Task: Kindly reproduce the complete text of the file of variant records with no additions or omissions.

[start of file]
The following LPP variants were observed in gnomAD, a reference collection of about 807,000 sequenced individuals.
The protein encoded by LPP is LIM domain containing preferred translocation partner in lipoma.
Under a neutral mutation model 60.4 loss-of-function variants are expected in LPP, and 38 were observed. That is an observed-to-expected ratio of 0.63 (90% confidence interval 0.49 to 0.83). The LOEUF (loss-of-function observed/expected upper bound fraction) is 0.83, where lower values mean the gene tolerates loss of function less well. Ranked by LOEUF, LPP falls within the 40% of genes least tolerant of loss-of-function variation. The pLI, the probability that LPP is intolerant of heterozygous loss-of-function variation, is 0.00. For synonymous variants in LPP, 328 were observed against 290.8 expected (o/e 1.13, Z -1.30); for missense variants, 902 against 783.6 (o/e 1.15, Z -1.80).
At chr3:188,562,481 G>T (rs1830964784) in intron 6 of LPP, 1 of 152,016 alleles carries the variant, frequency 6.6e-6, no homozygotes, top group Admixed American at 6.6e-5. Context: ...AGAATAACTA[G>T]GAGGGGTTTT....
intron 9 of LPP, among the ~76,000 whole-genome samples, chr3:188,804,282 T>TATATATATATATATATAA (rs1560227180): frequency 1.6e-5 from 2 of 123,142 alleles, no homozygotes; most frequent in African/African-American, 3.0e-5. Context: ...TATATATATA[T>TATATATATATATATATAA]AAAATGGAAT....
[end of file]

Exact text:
The following LPP variants were observed in gnomAD, a reference collection of about 807,000 sequenced individuals.
The protein encoded by LPP is LIM domain containing preferred translocation partner in lipoma.
Under a neutral mutation model 60.4 loss-of-function variants are expected in LPP, and 38 were observed. That is an observed-to-expected ratio of 0.63 (90% confidence interval 0.49 to 0.83). The LOEUF (loss-of-function observed/expected upper bound fraction) is 0.83, where lower values mean the gene tolerates loss of function less well. Ranked by LOEUF, LPP falls within the 40% of genes least tolerant of loss-of-function variation. The pLI, the probability that LPP is intolerant of heterozygous loss-of-function variation, is 0.00. For synonymous variants in LPP, 328 were observed against 290.8 expected (o/e 1.13, Z -1.30); for missense variants, 902 against 783.6 (o/e 1.15, Z -1.80).
At chr3:188,562,481 G>T (rs1830964784) in intron 6 of LPP, 1 of 152,016 alleles carries the variant, frequency 6.6e-6, no homozygotes, top group Admixed American at 6.6e-5. Context: ...AGAATAACTA[G>T]GAGGGGTTTT....
intron 9 of LPP, among the ~76,000 whole-genome samples, chr3:188,804,282 T>TATATATATATATATATAA (rs1560227180): frequency 1.6e-5 from 2 of 123,142 alleles, no homozygotes; most frequent in African/African-American, 3.0e-5. Context: ...TATATATATA[T>TATATATATATATATATAA]AAAATGGAAT....